Designed by Anthony Fokker in 1935, the Fokker D.XXI first flew on March 27th, 1936. The system was originally intended to fill the ranks of the Netherlands East Indies Army Air Service but the arrival of World War 2 eventually pressed it into service with Finland, Denmark and Netherlands air force units against Germany. Operationally, the D.XXI proved a reliable airframe with solid performance specifications, good maneuverability and was relatively inexpensive to produce. At the time of its inception, it proved quite a revolutionary step forwards for the Dutch, with many of its current aircraft still resembling the biplanes of a forgotten era of military aviation. Some 200 of the type were eventually produced in Netherlands with license-production occurring in both Denmark and Finland.
Design of the D.XXI was conventional by mid-1930's standards. The pilot sat in an enclosed cockpit situated at about the midway point of the fuselage. Views from the glazed cockpit were adequate and featured relatively heavy framing in all useful directions though the pilot was seated forward enough to provide for better-than-average rearward views. The fuselage itself was streamlined from engine cowl to tail with construction being mainly of steel tubing covered over in most areas by fabric. Wings were constructed of wood and set as low-wing monoplanes forward of the cockpit floor. The front was dominated by the Bristol Mercury radial piston engine powering a three-bladed propeller. The undercarriage was of the typical "tail dragger" arrangement, sporting two spatted main landing gears under each wing and a single tail wheel aft. The empennage was contoured with an identifiable "razorback" style upper rear fuselage assembly leading from cockpit to the tail unit. The tail itself was traditional, featuring a single vertical tail fin and associated horizontal planes. A protruding cockpit antenna and external gunsight were distinguishing profile hallmarks of the series design.
Armament initially consisted of 4 x 7.92mm FN Browning M36 machine guns, two mounted in the upper engine cowling synchronized to fire through the spinning propeller blades with an additional two in the wings (one to a wing). Finnish-produced aircraft had their cowling machine guns relocated to the wings, paired with the existing two. Another Finnish amendment (though not related to armament) was the inclusion of skis as landing gears to make for a better - and distinctly Finnish - "snow-friendly" aircraft.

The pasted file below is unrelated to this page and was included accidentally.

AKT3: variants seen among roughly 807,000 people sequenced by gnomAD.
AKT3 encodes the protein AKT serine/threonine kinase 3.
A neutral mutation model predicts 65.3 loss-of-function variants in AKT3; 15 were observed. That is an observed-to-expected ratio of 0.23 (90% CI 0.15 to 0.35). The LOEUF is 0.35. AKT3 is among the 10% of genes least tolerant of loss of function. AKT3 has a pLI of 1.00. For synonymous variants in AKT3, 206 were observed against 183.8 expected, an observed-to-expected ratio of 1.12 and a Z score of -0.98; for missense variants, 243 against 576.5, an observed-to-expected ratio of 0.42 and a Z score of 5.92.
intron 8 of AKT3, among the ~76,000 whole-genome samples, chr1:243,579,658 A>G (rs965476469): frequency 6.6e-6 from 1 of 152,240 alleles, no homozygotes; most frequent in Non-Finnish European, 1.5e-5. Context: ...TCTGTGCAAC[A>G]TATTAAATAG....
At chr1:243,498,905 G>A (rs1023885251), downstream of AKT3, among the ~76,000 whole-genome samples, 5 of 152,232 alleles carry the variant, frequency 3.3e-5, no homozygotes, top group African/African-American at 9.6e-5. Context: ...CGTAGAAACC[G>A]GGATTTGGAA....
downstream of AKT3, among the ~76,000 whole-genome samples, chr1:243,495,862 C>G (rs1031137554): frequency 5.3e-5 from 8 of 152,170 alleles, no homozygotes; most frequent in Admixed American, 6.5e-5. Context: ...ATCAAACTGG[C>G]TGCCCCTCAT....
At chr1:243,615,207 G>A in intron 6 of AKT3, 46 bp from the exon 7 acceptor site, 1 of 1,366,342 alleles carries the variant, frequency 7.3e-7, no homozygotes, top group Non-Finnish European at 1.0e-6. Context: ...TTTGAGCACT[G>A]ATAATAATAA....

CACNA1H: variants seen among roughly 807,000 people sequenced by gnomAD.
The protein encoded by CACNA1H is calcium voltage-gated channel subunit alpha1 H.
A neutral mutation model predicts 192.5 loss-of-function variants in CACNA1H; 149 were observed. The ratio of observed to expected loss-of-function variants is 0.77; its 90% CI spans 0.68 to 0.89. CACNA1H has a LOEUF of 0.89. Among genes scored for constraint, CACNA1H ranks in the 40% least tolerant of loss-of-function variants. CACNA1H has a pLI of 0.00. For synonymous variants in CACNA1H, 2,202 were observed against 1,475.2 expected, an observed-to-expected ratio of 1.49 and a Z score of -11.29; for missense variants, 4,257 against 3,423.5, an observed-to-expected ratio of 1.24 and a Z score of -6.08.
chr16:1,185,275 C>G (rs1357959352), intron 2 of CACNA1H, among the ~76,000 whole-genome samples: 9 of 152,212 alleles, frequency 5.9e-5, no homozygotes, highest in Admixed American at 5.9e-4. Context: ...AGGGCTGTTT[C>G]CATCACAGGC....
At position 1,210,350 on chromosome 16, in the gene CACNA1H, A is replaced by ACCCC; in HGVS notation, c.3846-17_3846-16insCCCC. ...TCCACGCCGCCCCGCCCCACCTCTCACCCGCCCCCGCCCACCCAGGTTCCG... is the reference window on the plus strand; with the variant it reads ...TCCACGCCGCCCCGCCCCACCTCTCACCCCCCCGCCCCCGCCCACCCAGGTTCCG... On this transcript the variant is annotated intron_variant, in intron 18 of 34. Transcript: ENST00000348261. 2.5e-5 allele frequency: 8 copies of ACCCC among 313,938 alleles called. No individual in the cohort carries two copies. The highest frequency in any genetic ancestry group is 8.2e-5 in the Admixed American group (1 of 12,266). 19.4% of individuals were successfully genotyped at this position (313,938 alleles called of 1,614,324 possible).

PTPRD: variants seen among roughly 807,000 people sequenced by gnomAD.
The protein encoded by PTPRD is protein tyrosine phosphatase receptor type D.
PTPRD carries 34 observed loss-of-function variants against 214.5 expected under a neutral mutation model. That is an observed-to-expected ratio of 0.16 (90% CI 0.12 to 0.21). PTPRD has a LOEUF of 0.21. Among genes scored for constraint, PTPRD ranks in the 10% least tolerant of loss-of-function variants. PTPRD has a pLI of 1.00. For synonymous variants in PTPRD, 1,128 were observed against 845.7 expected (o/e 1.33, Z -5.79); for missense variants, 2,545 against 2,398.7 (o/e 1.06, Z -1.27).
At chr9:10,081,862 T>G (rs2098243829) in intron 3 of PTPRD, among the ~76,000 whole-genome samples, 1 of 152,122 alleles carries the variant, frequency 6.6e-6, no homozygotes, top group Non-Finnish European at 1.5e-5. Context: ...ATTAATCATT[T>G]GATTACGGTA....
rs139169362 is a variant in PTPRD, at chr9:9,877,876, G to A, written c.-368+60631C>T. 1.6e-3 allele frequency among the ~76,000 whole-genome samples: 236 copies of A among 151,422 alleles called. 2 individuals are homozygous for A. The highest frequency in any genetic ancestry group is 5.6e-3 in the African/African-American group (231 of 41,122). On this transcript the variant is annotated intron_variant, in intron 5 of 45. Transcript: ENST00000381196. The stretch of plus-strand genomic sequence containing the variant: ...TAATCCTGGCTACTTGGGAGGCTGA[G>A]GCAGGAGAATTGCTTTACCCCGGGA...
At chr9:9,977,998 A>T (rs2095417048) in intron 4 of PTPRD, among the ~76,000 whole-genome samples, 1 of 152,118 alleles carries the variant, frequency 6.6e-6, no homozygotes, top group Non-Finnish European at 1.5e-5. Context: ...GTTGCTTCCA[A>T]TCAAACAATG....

Deployment of the D.XXI began as early as 1936 with limited quantities used for the first time in anger by the Spanish Republic in the Spanish Civil War. By May of 1940, D.XXIs were quantitatively available to the Dutch Air Force in time to combat the German invasion. With only 28 Fokker D.XXIs in service to them, Dutch pilots of the Dutch Army Aviation Group valiantly faced a better foe fielding the impressive Messerschmitt BF 109 inline-engined, single-seat monoplane fighters. D.XXI's held their own against the well-trained and confident invaders during a barely-week-long stretch, though the Netherlands eventually capitulated to the Nazis after this five-day span - receiving little help from the Allies. For their short time in service with the defending Dutch pilots, May 10th represented the aircraft's finest day in combat scoring an impressive 37 total air kills - though it should be noted that this occurred against Junkers Ju 52 transport aircraft. In all, the Netherlands fielded a total of 36 D.XXIs.
License production D.XXIs in Finland ran from 1939 until 1944. These systems were differentiated by the aforementioned machine gun allocation as well as internal provisions to take on either the Bristol Pegasus or Pratt & Whitney Twin Wasp Junior radial engines of 825 horsepower. Finnish D.XXI's fared surprisingly well against the early-form Soviet fighters in their Winter War - the Soviet Union's invasion of Finland - making up seven Finnish Air Force squadrons (Nos. 10, 12, 14, 24, 26, 30 and 32). Over the subsequent months, the D.XXI quickly became outclassed by the better-armed and better-performing Soviet fighters. Despite this, several Finnish pilots were able to achieve "ace" status flying these machines. In all, Finland produced 90 such D.XXIs and received a noted delivery of at least 7 more systems.
As the other license-producer of the aircraft, Denmark D.XXIs operated against the German Luftwaffe in March of 1940. Denmark produced 15 new-build systems and received at least 7 more D.XXIs.
A variety of differing D.XXI models were inevitably proposed - mostly fitting different engines - though these never saw production. Proposed variants included the "Project 150", sporting the Bristol Hercules engine, the "Project 151", fitting a Rolls-Royce Merlin engine and "Project 152", this airframe to make use of the Daimler-Benz DB.600H series engine.
The Fokker D.XXI also operated under German Luftwaffe markings as captured systems reintegrated into service . The number of aircraft in use by the Luftwaffe was unknown.